But there are other pictures of the Holy Trinity. Several years ago, an ancient symbol of the Holy Trinity began appearing in my prayer. The image was and is that of a great whirlwind. I see the dark winds of the whirlwind rushing around in a circle faster and faster. The wind is the unceasing, unstoppable current of love that rushes from God the Father to God the Son to the Holy Spirit and back to the Father and back to the Son and so on and so on. Round and round it goes with neither beginning nor end. The wind roars from God the Father, who loves the Son and gives divine life to the Son who then gives all his gifts to the Spirit, who in turn pours out all those gifts to us and we give praise to God. This is the image today's Gospel reading suggests.
Jesus speaks to his friends about going away. He says, "I will go away but I will send the Spirit who will not leave you." But what does the Spirit bring? The Spirit brings the life, the beauty, the love, the purpose of Jesus. The Spirit brings the life that Jesus has received from God the Father. So God the Father gives divine gifts to the Son of God who pours them out to the Spirit who brings them to us trying to magnetically draw us into the whirlwind, trying to make us part of that magnificent, never-ending outpouring of love. And as we receive the unspeakable love and mercy of God, we are being drawn ever deeper into this great cycle of divine generosity. And as we share it with others, we enlarge the circle enlarging the life of God in the world.
The image of the whirlwind doesn't always appear the same way to me. Sometimes I see every created thing--stars and suns, galaxies and universes, people and animals, the earth in its green and glorious splendor--all flowing out of the vortex of the whirlwind, out of the center, as if creation itself is nothing more than the overflow of generosity and wonder flowing from the love of God. At other times, I see the whirlwind spinning, drawing all things into its midst so that everything becomes a part of this divine cycle of giving and receiving, each person, each being, receiving gifts and passing them on, sharing in and reflecting the internal character and nature of the very life of God. When we share gifts we have received--gifts of life, of talent, of purpose, of joy, of mercy, passing them on to others--we are not just living like God, imitating God. No, we are inside of God's own holy life. We are participating in that process through which more and more creation, more and more of our very selves is being drawn into that great cycle of giving and receiving that is the divine life of God.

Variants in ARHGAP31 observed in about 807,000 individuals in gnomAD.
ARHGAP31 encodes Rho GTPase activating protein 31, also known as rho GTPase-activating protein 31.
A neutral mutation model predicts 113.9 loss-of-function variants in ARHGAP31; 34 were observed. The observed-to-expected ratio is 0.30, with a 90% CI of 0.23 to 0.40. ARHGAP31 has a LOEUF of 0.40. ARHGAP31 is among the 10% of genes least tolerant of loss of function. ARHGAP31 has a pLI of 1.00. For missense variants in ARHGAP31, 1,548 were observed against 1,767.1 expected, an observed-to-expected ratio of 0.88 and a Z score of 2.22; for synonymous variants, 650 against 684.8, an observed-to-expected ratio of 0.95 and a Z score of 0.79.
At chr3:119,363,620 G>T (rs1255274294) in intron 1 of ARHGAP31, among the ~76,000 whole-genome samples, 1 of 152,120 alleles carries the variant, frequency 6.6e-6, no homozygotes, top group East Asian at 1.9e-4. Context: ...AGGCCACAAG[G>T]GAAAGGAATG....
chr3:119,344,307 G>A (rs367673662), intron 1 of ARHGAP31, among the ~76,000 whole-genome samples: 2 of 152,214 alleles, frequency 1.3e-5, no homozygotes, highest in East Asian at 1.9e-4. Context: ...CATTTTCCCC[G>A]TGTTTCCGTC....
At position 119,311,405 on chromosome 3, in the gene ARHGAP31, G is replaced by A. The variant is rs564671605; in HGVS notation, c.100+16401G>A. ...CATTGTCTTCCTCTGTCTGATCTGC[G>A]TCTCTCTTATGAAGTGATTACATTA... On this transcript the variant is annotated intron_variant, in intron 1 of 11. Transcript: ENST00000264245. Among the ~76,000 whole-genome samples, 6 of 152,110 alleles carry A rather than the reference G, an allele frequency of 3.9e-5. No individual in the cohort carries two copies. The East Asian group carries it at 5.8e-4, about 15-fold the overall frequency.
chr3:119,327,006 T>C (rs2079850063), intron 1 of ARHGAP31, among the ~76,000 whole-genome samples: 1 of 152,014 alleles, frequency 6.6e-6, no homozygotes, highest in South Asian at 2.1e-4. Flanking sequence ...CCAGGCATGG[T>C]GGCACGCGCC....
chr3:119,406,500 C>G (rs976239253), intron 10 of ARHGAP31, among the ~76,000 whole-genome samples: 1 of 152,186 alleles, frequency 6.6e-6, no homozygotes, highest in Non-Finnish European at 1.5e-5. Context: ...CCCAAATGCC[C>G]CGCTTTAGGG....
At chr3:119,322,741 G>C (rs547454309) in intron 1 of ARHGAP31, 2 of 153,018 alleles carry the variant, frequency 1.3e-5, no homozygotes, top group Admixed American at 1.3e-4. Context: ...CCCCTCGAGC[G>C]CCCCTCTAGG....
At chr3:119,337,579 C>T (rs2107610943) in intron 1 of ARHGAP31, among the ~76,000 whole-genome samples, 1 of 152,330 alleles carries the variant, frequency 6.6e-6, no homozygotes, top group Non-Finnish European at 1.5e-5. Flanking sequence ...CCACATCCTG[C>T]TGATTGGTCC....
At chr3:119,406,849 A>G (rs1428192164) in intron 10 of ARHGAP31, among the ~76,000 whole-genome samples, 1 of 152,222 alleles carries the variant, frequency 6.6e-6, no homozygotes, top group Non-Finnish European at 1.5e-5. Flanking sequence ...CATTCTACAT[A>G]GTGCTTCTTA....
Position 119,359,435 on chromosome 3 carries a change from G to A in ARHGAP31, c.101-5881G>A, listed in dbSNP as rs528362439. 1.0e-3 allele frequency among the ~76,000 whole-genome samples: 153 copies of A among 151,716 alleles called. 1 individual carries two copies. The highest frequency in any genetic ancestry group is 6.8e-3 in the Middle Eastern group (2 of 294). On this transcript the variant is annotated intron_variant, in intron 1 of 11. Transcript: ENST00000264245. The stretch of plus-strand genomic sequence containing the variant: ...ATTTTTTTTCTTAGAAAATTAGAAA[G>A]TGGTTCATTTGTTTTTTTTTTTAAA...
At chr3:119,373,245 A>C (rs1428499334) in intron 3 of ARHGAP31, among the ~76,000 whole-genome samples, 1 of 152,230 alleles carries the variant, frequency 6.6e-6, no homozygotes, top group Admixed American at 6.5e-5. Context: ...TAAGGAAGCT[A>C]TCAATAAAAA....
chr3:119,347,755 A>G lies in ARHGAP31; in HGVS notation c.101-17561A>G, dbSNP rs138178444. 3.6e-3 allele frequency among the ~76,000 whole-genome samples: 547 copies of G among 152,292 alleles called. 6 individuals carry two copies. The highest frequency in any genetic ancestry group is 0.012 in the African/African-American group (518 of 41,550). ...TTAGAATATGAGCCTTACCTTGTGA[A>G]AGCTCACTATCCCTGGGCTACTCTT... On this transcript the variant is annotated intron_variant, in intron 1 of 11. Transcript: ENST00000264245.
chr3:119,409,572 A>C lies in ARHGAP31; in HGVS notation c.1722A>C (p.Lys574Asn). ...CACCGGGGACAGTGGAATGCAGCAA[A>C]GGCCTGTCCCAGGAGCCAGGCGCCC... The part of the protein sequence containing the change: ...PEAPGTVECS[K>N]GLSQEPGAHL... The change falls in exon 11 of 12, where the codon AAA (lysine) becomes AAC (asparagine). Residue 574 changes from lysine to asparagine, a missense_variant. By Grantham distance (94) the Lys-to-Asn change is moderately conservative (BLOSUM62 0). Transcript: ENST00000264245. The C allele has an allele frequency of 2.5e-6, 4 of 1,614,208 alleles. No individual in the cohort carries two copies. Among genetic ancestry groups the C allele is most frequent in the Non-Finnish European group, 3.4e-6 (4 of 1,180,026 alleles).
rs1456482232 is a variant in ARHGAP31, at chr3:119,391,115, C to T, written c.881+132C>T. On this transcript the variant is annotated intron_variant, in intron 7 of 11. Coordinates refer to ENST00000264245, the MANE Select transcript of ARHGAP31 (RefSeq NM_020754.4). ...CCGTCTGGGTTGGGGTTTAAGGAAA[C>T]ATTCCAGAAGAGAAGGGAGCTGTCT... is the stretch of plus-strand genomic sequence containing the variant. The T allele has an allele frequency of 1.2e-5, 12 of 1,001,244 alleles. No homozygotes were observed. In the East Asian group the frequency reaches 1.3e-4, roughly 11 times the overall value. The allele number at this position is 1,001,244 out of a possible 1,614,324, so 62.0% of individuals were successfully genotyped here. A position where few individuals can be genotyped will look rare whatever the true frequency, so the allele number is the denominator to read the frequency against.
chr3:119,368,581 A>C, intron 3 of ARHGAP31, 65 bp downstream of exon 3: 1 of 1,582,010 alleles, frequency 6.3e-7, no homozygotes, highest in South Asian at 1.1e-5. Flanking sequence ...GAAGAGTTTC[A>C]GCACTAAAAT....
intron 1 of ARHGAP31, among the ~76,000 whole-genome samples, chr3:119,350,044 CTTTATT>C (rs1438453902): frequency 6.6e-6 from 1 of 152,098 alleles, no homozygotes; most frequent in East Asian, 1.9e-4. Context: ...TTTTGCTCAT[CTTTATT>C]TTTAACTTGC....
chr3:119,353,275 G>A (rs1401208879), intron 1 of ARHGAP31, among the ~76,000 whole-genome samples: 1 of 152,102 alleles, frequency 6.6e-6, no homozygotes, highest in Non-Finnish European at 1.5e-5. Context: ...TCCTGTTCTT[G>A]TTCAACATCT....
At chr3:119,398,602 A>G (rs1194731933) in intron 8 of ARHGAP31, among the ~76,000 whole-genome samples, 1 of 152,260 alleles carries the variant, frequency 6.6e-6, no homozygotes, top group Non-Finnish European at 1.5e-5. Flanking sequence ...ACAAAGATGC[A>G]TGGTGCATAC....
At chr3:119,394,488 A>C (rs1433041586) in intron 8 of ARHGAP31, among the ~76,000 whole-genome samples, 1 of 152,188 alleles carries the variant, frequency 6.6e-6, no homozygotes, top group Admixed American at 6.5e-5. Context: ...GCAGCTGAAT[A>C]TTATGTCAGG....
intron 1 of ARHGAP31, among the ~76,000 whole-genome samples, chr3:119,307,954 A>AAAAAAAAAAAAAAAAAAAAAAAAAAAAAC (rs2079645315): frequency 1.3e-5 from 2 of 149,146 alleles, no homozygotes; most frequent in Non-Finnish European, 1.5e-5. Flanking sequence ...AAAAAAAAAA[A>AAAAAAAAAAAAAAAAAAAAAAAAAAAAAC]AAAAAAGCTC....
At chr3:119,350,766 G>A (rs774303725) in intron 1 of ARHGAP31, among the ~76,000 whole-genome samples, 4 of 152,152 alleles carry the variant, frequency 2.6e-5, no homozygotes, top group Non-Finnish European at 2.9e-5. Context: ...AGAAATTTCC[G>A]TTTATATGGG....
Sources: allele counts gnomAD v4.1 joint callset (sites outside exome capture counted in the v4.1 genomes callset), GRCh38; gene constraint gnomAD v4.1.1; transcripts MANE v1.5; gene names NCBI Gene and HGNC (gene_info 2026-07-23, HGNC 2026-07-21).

As you receive the generosity of the one who has loved you since before the dawn of time and then share yourself with friend, neighbor, enemy, you live inside the whirlwind blown by the currents of the divine wind that blows through all creation. The whirlwind--this cycle of divine generosity--is the very breath of the universe. To resist it is to invite death.
The contemporary writer Frederick Buechner describes a similar experience of being caught up in the communal life of the Holy Trinity in his book "The Longing for Home." Buechner, his wife, and daughter were visiting Sea World in Orlando, Florida. The bleachers where he and his family sat were packed as six killer whales were released into a tank. And now I read from Buechner:
"What with the dazzle of the sky and sun, the beautiful young people on the platform, the soft southern air and crowds all around us watching the performance with a delight matched only by what seemed the delight of the performing whales, it was as if the whole creation--men and women, beast and sun, water and earth and sky and for all I know God Himself--was caught up in one jubilant dance of unimaginable beauty. And then, right in the midst of it, I was astonished to find that my eyes were filled with tears.
Buechner describes the glory and beauty of creation as it is drawn up into the divine life of God and reflects the great dance of generosity that is God's own inner life. God's desire, God's yearning, God's hunger, is to draw all things--to draw you--into union with the community of the Holy Trinity. Jesus sends the Spirit, telling us the Spirit will not stop working, will not stop struggling, will not stop drawing us each everyone into the divine whirlwind by the gravity of God's own grace.
"I will not stop," God says to you, "not until I am in all and all is in me." This is God's holy dream for the world, God's dream for you--that you may live in the dancing wind of God's joy and generosity.
Dearest Friend, Blessed Mystery, Eternal Wonder, you intend us to share your own blessed life. Draw us so deeply into you that we may acknowledge with wonder the glory that you are and be empowered to praise you properly and to serve you with the joy that you yourself know in sharing your life with us. This we pray in the name of Jesus, our Lord and Brother. Amen.